Mentally ill children face being sent to England for treatment as Scottish hospitals are struggling to cope with a surge in disorders such as anorexia and self-harm that emerged during lockdown.
Dr Mairi Stark, a paediatrician at the Royal Hospital for Children and Young People in Edinburgh, said every mental health bed in Scotland was full at the weekend.
Distressed children are being turned away by their GPs who say there is no point putting them on a two-year waiting list for mental health treatment, she told the Scottish parliament’s health committee.
Disabled children who were making great strides before lockdown have regressed, and some developed vocal tics or began hurting themselves.
Stark said a large amount of her work is now child psychiatry but that “it is very difficult to get expert help”.
“These children are not in school a lot of the time. I know I have children that I am going to refer for ASD or mental health assessments who are going to have to wait ten months to two years for that assessment.”
Stark said a two-year wait for a child who is transitioning to high school effectively robs them of their future.
“That is their lifelong education, that is their career opportunities, that is their health as adults,” she said.
Stark said she can already predict teenage mental health issues in some of her two-year-old patients.
“We must start prioritising children. The Covid pandemic has really affected children,” she said.
“They haven’t been dying in intensive care but their life chances are significantly reduced because we are taking services away from them.
“If you have anorexia you will come to the general paediatric ward and at the moment, certainly over the weekend, we had no young people’s mental health beds available in Scotland.
“We don’t want to send children to England for community services that should be done here.
“How many parents are going to their GP and being told there is no point getting a child and adolescent mental health referral because they’ll just get bounced back?
“There are so many children out there not getting referred because they know they are not going to get seen.”
Stark said children felt abandoned by the Scottish authorities who have given them no opportunity to catch up on key developmental milestones such as school trips.
She said: “Children in second year in school have missed their P7 and S1 residentials, which is probably the only opportunity they had to go away from the family home and do team building and activities with their friends.
“There is no chance for a catch up or opportunities. It is just ‘you missed that — tough luck’.
“These children feel they are not being prioritised by government.
“Businesses say, ‘Great, adults can go to restaurants and nightclubs,’ but what about all the community groups that need funding?
“The third sector spends half their time not looking after children but trying to get funding.”
Susie Fitton, policy manager at Inclusion Scotland, said lockdown was particularly tough for disabled children who lost their social and professional support.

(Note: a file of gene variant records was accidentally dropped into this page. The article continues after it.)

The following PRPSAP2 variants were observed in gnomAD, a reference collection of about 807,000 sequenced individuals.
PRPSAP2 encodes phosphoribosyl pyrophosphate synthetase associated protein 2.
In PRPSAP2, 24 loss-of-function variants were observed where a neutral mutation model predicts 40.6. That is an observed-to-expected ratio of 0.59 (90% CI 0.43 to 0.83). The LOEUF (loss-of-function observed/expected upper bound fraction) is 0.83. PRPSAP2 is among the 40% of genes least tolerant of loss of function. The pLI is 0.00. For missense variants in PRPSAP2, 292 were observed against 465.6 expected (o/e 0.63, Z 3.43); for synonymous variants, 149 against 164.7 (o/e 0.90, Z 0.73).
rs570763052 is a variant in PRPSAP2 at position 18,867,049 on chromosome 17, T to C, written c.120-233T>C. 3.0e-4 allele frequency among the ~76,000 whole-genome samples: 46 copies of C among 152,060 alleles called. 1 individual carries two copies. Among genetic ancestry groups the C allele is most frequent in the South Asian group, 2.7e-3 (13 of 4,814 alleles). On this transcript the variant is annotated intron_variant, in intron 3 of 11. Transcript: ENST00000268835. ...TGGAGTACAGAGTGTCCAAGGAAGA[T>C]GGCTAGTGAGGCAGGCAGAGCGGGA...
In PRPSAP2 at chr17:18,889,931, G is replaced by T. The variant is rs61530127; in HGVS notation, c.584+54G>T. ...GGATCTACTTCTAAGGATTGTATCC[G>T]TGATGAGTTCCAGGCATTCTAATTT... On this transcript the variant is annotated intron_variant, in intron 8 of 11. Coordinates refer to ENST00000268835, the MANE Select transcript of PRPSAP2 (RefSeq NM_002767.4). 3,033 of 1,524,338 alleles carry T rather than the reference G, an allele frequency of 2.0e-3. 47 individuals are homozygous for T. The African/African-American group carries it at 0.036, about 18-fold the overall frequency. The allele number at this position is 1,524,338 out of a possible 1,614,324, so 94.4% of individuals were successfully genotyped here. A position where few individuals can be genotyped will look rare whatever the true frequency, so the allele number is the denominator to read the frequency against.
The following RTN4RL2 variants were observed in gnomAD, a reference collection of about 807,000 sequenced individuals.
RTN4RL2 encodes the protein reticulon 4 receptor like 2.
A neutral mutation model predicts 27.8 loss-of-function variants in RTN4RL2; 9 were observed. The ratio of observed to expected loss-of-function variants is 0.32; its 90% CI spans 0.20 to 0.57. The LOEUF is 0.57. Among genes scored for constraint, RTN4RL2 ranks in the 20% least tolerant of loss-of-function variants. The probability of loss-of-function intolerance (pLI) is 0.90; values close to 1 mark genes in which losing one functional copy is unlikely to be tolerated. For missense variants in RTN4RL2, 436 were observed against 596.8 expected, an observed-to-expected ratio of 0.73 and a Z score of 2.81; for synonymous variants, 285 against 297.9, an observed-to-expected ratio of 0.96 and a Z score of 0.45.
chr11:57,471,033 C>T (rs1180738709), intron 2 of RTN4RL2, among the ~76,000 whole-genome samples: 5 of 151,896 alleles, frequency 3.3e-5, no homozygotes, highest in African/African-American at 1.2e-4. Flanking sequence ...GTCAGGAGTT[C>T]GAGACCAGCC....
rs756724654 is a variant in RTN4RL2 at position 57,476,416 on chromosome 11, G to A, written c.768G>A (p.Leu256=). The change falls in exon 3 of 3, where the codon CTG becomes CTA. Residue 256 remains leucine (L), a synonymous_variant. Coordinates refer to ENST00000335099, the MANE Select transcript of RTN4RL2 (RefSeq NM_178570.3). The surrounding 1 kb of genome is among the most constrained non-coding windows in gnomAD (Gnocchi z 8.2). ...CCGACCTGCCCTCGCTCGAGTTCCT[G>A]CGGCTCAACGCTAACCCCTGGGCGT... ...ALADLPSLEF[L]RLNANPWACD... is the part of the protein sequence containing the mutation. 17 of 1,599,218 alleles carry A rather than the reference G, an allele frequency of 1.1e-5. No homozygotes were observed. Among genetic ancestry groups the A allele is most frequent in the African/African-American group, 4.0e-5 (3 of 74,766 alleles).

“Parents told us their children were exhibiting behaviour such as self-harm, vocal tics, very low mood and challenging behaviour because of the removal of structure, daily activity, routine face-to-face contact with friends and access to the outdoors . . . They saw their children regressing, particularly during lockdown,” she said.
Fitton said the government should have known the impact lockdown would have on mental health from previous studies on the impact of quarantine during an outbreak of Sars, another coronavirus, in 2003.
She said: “Evidence from previous pandemics such as Sars in 2003 has demonstrated the potential for long-lasting effects on children’s mental health. The length of time children felt lonely predicted mental health problems nine years later, particularly depression.”
Researchers at the University of Toronto studied 129 people quarantined for Sars in Canada and found that nearly one in three developed symptoms of depression and post-traumatic stress disorder.
Lucy Hughes, policy development co-ordinator at Who Cares? Scotland, said children living in care or leaving care were also particularly distressed by lockdown.
“We have felt personally the impact of loss, of people who have died far too young that we work with and support,” she said.
“In 2014 we began to create our own record of these people because we feel their lives and their loss has not been recorded in the death stats that we do have around care-experienced young people.
“The invisibility of some of these early deaths we are seeing is sometimes these young people are leaving care before 16, are not being picked up by after care services and are off the radar for social care and others.
“We know who they are because we have those relationships . . . there needs to be a right to health care and mental health care as soon as someone comes into care.
“Don’t wait until the crisis arrives. So many in the mental health community are saying we are having to wait until people are suicidal and at risk of taking their own lives before having these interventions.”
Source: The TimesCategories: News